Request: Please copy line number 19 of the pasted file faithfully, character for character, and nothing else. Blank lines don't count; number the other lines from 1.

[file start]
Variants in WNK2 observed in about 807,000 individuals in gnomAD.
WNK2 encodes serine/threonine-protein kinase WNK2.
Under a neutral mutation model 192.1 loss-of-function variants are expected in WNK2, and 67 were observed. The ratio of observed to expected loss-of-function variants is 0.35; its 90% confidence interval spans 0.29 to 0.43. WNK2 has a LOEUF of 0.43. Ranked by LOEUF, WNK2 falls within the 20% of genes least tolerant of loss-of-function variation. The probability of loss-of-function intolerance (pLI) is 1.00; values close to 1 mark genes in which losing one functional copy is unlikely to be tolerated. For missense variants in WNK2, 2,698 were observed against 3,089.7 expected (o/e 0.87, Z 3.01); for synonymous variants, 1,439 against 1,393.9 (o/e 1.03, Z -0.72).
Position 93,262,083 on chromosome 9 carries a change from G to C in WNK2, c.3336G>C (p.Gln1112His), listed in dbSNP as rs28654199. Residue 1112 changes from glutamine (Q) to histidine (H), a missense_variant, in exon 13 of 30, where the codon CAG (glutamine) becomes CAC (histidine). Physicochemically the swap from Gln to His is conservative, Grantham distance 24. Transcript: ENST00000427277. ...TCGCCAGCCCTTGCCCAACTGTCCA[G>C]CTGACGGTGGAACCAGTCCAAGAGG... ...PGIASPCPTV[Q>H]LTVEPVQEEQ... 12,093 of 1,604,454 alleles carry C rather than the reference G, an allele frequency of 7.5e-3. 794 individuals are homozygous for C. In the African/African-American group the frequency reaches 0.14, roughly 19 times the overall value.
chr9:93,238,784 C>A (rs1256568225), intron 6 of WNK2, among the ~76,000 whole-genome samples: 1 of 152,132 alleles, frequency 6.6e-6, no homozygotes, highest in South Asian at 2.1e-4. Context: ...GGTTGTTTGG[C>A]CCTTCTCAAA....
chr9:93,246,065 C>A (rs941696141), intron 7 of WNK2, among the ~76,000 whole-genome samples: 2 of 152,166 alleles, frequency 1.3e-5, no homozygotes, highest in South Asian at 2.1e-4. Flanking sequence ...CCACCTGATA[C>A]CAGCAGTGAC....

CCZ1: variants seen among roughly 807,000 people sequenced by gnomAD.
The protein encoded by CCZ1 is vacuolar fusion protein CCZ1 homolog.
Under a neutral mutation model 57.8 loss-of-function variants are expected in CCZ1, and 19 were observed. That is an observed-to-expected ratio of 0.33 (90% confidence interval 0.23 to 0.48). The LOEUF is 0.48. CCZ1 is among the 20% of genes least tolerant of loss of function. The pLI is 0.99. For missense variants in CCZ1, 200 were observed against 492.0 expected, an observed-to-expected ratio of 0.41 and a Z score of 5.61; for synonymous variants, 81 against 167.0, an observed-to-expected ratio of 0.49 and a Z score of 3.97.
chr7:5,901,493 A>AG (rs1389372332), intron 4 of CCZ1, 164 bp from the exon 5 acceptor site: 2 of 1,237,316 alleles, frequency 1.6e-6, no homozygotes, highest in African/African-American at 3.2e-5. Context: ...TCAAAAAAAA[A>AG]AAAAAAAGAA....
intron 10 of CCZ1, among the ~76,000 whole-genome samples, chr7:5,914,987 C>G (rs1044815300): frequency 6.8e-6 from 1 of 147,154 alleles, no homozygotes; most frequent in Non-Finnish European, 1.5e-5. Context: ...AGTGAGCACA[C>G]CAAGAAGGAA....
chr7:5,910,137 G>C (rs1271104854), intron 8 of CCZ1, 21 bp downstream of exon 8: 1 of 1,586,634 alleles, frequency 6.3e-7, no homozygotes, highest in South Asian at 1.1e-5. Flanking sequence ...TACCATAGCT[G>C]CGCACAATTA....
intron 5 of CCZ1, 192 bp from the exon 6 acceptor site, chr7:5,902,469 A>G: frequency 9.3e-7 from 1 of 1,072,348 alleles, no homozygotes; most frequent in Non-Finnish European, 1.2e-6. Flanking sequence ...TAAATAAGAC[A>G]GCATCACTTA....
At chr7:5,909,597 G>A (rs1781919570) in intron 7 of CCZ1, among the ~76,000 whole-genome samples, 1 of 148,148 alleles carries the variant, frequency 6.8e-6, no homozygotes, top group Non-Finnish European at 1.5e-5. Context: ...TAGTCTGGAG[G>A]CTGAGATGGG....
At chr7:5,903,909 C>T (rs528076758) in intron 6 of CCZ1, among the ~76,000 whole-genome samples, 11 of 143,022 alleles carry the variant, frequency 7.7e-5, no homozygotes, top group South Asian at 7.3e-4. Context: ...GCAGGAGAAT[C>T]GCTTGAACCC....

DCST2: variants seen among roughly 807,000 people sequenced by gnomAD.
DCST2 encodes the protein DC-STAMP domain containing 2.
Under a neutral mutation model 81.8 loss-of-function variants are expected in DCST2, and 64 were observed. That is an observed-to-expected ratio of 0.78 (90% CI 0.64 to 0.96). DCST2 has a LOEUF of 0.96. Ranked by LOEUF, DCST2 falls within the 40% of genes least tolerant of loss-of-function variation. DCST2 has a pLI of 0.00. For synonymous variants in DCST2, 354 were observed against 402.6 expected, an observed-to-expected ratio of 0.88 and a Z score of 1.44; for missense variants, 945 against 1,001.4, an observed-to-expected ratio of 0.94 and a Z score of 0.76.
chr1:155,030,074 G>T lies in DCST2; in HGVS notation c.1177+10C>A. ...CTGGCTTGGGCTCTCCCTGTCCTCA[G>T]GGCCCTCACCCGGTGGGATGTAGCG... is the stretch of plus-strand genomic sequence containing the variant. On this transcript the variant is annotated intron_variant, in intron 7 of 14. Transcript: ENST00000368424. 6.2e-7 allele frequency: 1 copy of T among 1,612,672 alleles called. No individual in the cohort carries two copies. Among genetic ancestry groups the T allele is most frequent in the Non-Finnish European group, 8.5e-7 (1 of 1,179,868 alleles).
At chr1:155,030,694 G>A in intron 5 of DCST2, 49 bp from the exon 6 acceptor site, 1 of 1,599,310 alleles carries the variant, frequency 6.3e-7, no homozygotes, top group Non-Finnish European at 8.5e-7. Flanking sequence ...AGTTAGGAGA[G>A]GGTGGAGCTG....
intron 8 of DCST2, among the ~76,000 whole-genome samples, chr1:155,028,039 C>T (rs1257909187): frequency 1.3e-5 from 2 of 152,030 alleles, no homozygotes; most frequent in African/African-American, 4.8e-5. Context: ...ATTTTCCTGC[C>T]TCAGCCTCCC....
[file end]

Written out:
chr1:155,030,074 G>T lies in DCST2; in HGVS notation c.1177+10C>A. ...CTGGCTTGGGCTCTCCCTGTCCTCA[G>T]GGCCCTCACCCGGTGGGATGTAGCG... is the stretch of plus-strand genomic sequence containing the variant. On this transcript the variant is annotated intron_variant, in intron 7 of 14. Transcript: ENST00000368424. 6.2e-7 allele frequency: 1 copy of T among 1,612,672 alleles called. No individual in the cohort carries two copies. Among genetic ancestry groups the T allele is most frequent in the Non-Finnish European group, 8.5e-7 (1 of 1,179,868 alleles).